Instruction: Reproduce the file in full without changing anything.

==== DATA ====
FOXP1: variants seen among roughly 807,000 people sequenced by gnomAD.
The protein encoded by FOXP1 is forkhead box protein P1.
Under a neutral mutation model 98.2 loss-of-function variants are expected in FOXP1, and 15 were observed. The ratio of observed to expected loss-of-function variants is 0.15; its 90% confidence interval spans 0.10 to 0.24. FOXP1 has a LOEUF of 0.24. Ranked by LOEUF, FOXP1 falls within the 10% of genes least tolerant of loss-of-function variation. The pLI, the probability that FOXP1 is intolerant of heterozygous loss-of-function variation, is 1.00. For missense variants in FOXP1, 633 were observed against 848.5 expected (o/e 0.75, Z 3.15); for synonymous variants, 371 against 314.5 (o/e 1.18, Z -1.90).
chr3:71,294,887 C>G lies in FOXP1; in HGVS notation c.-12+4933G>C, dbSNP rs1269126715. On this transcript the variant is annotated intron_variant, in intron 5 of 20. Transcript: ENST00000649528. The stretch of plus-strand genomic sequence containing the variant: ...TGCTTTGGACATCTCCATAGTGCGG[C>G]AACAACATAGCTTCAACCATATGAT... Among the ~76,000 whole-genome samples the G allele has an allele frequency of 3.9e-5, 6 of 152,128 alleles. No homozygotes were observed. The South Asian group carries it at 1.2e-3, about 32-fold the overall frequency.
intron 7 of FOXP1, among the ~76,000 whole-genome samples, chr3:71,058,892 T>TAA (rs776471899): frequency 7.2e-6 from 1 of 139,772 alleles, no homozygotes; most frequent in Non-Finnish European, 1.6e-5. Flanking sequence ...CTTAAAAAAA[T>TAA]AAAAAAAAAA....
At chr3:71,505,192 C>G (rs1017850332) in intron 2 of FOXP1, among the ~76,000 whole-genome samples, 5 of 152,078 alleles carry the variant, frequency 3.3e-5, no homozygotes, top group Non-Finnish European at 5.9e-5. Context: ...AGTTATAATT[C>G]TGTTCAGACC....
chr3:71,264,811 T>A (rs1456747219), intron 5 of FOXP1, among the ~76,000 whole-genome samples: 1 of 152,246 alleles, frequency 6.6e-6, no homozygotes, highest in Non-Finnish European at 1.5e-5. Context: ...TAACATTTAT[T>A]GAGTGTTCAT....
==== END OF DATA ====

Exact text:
FOXP1: variants seen among roughly 807,000 people sequenced by gnomAD.
The protein encoded by FOXP1 is forkhead box protein P1.
Under a neutral mutation model 98.2 loss-of-function variants are expected in FOXP1, and 15 were observed. The ratio of observed to expected loss-of-function variants is 0.15; its 90% confidence interval spans 0.10 to 0.24. FOXP1 has a LOEUF of 0.24. Ranked by LOEUF, FOXP1 falls within the 10% of genes least tolerant of loss-of-function variation. The pLI, the probability that FOXP1 is intolerant of heterozygous loss-of-function variation, is 1.00. For missense variants in FOXP1, 633 were observed against 848.5 expected (o/e 0.75, Z 3.15); for synonymous variants, 371 against 314.5 (o/e 1.18, Z -1.90).
chr3:71,294,887 C>G lies in FOXP1; in HGVS notation c.-12+4933G>C, dbSNP rs1269126715. On this transcript the variant is annotated intron_variant, in intron 5 of 20. Transcript: ENST00000649528. The stretch of plus-strand genomic sequence containing the variant: ...TGCTTTGGACATCTCCATAGTGCGG[C>G]AACAACATAGCTTCAACCATATGAT... Among the ~76,000 whole-genome samples the G allele has an allele frequency of 3.9e-5, 6 of 152,128 alleles. No homozygotes were observed. The South Asian group carries it at 1.2e-3, about 32-fold the overall frequency.
intron 7 of FOXP1, among the ~76,000 whole-genome samples, chr3:71,058,892 T>TAA (rs776471899): frequency 7.2e-6 from 1 of 139,772 alleles, no homozygotes; most frequent in Non-Finnish European, 1.6e-5. Flanking sequence ...CTTAAAAAAA[T>TAA]AAAAAAAAAA....
At chr3:71,505,192 C>G (rs1017850332) in intron 2 of FOXP1, among the ~76,000 whole-genome samples, 5 of 152,078 alleles carry the variant, frequency 3.3e-5, no homozygotes, top group Non-Finnish European at 5.9e-5. Context: ...AGTTATAATT[C>G]TGTTCAGACC....
chr3:71,264,811 T>A (rs1456747219), intron 5 of FOXP1, among the ~76,000 whole-genome samples: 1 of 152,246 alleles, frequency 6.6e-6, no homozygotes, highest in Non-Finnish European at 1.5e-5. Context: ...TAACATTTAT[T>A]GAGTGTTCAT....